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Varieties of Birch Trees

By John Lindell ; Updated September 21, 2017
The white peeling bark of paper birch makes it attractive.

According to the United States Department of Agriculture website, homeowners select birch trees as ornamental species for different reasons. The bark of many kinds of birch trees is distinctive, coming in a variety of colors and textures that make the tree unique. The slender form of most birches appeals to landscapers. Birches are common in many parts of Canada and throughout much of the United States.

Paper Birch

The paper birch, also called a canoe birch or white birch, is among the most desirable of ornamental trees. The paper birch features white bark that will peel in strips on the older specimens, which can contrast greatly when the tree grows in front of evergreens, for example. Paper birch averages between 50 and 70 feet high and has dark green leaves; 3 inches of the leaves change to yellow in the fall. Paper birch is native to most of the far north in North America, from Alaska through Canada and into many of the northern states, so it is cold hardy. This species does not tolerate warm temperatures well, and in places where the summers are too hot, the tree will not thrive. Paper birch will grow in the full sun or in a partial-shade environment. The tree needs water when conditions are dry, since it possesses a very shallow system of roots. Paper birch grow quickly when young. An insect known as the bronze birch borer can extensively damage paper birches when the bugs infest the trees.

Yellow Birch

Yellow birch (Betula alleghaniensis) has a pyramid shape as a young tree, then develops into a more rounded one as the tree grows and ages. Yellow birch grows in the Northeast and in southern regions of eastern Canada. Yellow birch has leaves similar to paper birch, but they are a bit narrower and slightly longer. The bark of yellow birch has a yellow-to-bronze hue to it and it will peel and then curl into narrow strips. This feature makes yellow birch a preferred ornamental, along with the fact that it provides light shade but still allows plants to grow beneath it. Yellow birch is another cooler climate species that does best where the summers are not scorching. Plant a yellow birch in full sun and cool, damp ground. The tree has a greater resistance to a pest known as the birch leafminer, a bug that strips away the foliage on many types of birch trees.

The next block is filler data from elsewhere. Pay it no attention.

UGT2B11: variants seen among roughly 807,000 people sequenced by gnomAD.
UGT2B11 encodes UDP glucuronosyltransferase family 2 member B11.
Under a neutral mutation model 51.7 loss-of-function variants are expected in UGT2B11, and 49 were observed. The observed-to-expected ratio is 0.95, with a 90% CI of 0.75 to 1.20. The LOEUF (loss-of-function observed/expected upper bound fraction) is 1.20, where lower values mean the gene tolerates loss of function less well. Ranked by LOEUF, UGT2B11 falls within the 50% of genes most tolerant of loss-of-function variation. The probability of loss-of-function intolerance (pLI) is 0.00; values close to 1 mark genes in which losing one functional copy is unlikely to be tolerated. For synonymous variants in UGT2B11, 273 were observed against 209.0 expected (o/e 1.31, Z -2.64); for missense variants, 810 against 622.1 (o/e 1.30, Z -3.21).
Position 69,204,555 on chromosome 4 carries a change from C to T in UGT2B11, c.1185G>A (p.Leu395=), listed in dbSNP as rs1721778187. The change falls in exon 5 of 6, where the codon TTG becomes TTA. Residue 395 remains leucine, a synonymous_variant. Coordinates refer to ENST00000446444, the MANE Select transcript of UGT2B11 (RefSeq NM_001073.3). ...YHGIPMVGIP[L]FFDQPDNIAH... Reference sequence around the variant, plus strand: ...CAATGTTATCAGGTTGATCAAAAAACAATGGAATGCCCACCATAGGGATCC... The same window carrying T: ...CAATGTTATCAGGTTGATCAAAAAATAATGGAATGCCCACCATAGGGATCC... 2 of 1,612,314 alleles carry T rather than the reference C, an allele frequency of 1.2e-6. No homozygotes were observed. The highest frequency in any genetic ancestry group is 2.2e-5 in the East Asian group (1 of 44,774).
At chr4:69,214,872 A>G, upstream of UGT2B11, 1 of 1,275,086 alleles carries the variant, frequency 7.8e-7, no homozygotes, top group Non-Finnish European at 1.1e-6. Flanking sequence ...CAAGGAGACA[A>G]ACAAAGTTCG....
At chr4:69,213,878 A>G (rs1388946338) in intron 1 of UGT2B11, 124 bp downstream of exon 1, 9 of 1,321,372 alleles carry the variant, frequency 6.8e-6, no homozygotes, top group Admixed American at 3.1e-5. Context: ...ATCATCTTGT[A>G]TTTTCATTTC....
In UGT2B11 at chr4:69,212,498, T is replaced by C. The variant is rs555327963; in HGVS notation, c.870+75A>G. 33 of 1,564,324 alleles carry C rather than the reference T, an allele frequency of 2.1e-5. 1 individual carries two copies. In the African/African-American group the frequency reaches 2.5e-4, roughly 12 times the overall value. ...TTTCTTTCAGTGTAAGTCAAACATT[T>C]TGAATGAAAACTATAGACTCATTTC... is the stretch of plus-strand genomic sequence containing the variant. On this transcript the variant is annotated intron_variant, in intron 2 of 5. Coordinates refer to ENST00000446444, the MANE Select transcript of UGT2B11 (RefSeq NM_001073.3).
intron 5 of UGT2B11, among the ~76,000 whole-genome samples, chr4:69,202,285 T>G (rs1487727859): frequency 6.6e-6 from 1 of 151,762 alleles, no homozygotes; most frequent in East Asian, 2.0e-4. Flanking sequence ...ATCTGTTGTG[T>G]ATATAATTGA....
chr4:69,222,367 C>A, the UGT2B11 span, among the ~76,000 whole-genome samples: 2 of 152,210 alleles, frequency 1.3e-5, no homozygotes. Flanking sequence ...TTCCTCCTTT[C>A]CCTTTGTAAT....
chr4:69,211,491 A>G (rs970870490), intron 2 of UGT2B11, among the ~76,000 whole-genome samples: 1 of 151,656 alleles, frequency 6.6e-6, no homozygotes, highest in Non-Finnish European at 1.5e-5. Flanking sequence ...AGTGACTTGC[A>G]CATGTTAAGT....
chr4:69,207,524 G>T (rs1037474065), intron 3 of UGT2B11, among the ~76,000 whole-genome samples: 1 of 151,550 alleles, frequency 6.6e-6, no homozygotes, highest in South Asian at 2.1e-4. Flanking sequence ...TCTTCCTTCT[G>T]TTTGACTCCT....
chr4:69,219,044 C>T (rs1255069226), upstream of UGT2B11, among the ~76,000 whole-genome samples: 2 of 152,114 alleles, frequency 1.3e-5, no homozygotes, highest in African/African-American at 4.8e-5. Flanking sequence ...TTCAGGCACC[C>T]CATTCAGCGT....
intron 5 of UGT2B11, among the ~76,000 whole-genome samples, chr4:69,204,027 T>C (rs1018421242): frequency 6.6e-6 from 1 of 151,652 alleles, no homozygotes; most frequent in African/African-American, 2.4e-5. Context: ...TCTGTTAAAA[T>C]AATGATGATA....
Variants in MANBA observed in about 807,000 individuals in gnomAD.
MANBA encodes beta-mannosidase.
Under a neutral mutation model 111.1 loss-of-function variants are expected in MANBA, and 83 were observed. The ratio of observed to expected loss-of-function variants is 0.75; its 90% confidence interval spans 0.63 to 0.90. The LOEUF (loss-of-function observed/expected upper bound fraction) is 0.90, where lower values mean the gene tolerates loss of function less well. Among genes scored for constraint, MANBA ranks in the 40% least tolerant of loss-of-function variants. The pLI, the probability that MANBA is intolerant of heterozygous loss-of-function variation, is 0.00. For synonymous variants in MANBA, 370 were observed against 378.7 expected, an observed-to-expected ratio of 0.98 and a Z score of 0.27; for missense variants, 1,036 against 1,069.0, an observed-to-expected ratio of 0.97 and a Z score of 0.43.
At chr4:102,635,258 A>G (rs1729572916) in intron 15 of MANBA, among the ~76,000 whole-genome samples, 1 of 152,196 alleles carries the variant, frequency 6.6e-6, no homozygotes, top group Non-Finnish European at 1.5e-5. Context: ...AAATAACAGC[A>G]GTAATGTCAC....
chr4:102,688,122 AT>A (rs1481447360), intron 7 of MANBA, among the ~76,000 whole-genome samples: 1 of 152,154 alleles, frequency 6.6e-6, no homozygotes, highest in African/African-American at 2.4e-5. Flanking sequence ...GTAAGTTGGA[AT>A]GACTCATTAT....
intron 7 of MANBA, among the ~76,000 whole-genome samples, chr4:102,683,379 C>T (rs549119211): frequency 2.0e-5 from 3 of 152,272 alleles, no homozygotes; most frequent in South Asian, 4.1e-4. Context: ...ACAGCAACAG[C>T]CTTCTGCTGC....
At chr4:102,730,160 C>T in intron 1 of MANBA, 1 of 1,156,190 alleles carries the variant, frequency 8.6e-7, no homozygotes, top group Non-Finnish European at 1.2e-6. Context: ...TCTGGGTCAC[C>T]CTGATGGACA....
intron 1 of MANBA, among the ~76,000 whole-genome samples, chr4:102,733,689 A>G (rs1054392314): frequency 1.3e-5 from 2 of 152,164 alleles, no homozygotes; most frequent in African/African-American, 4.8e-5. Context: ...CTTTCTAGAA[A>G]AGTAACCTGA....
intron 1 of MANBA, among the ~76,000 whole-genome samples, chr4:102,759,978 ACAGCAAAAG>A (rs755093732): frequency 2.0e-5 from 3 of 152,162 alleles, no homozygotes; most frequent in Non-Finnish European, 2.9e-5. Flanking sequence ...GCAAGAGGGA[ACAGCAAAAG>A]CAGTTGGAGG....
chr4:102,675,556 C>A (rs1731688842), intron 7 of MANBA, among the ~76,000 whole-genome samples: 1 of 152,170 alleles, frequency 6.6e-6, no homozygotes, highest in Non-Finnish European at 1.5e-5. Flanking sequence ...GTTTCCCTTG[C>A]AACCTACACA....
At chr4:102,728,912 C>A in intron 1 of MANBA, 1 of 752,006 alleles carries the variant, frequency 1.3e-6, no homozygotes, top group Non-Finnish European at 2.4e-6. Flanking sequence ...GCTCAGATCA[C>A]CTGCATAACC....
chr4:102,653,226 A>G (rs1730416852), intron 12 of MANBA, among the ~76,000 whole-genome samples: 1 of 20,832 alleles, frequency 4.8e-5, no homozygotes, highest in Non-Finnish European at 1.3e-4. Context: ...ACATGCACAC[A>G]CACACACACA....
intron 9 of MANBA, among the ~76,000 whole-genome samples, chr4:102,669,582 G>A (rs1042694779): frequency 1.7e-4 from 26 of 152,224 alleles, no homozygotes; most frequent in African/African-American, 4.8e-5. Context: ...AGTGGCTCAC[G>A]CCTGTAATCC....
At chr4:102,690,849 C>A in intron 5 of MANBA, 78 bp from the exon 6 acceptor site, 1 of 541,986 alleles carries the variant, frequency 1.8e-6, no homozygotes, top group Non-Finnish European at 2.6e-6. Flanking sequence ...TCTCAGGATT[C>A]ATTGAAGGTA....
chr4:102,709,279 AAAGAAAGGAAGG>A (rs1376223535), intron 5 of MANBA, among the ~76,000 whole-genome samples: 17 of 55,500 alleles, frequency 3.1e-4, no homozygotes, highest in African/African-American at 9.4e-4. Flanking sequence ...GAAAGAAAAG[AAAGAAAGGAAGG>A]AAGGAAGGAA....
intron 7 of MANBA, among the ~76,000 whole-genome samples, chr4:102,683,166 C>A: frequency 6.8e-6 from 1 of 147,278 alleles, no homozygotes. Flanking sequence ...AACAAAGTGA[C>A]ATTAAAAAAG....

Other Birch Trees

Another birch tree native to the U.S. is the river birch, a tree that can grow to 80 feet. River birches flourish along streams, rivers and near wetlands, making this tree a good choice if you have damp ground or a pond that needs highlighting. The bark of river birch has superb coloration, with a salmon-shaded exterior and tans and cream colors existing in the underlying layers that show up as the outer bark peels. The gray birch has attractive, chalky bark that does not peel. The gray birch attains heights of 30 feet and grows native to the northeastern states. The whitespire birch has bark that will not peel, but is white. This birch holds up better in warmer climates than the white birch, and is an option for some southern states as an ornamental. A birch called the crimson frost birch has whitish bark with reddish tints. This cultivar also has red leaves and can grow in clay soils.


About the Author


John Lindell has written articles for "The Greyhound Review" and various other online publications. A Connecticut native, his work specializes in sports, fishing and nature. Lindell worked in greyhound racing for 25 years.